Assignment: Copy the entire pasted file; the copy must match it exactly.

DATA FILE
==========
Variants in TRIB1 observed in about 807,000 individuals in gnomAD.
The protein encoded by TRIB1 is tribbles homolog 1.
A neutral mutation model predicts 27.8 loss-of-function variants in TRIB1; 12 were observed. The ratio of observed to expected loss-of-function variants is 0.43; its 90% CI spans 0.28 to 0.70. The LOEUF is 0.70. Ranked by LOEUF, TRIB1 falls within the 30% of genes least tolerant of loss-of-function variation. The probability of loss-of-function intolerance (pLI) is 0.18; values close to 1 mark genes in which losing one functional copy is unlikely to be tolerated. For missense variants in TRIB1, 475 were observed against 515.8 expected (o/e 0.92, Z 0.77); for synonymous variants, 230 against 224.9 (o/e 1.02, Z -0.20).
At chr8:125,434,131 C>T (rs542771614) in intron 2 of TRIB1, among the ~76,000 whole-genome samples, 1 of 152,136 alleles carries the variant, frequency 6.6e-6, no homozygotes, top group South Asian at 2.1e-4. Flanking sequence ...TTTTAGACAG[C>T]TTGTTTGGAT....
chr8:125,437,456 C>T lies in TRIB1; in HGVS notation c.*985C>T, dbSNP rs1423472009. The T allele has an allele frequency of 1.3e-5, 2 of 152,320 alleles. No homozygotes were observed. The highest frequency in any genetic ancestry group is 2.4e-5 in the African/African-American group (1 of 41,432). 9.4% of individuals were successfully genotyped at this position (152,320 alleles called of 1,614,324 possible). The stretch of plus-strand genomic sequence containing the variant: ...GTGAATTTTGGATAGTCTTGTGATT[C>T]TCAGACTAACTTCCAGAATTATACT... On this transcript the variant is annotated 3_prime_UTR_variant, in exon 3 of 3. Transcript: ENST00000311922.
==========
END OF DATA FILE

Variants in TRIB1 observed in about 807,000 individuals in gnomAD.
The protein encoded by TRIB1 is tribbles homolog 1.
A neutral mutation model predicts 27.8 loss-of-function variants in TRIB1; 12 were observed. The ratio of observed to expected loss-of-function variants is 0.43; its 90% CI spans 0.28 to 0.70. The LOEUF is 0.70. Ranked by LOEUF, TRIB1 falls within the 30% of genes least tolerant of loss-of-function variation. The probability of loss-of-function intolerance (pLI) is 0.18; values close to 1 mark genes in which losing one functional copy is unlikely to be tolerated. For missense variants in TRIB1, 475 were observed against 515.8 expected (o/e 0.92, Z 0.77); for synonymous variants, 230 against 224.9 (o/e 1.02, Z -0.20).
At chr8:125,434,131 C>T (rs542771614) in intron 2 of TRIB1, among the ~76,000 whole-genome samples, 1 of 152,136 alleles carries the variant, frequency 6.6e-6, no homozygotes, top group South Asian at 2.1e-4. Flanking sequence ...TTTTAGACAG[C>T]TTGTTTGGAT....
chr8:125,437,456 C>T lies in TRIB1; in HGVS notation c.*985C>T, dbSNP rs1423472009. The T allele has an allele frequency of 1.3e-5, 2 of 152,320 alleles. No homozygotes were observed. The highest frequency in any genetic ancestry group is 2.4e-5 in the African/African-American group (1 of 41,432). 9.4% of individuals were successfully genotyped at this position (152,320 alleles called of 1,614,324 possible). The stretch of plus-strand genomic sequence containing the variant: ...GTGAATTTTGGATAGTCTTGTGATT[C>T]TCAGACTAACTTCCAGAATTATACT... On this transcript the variant is annotated 3_prime_UTR_variant, in exon 3 of 3. Transcript: ENST00000311922.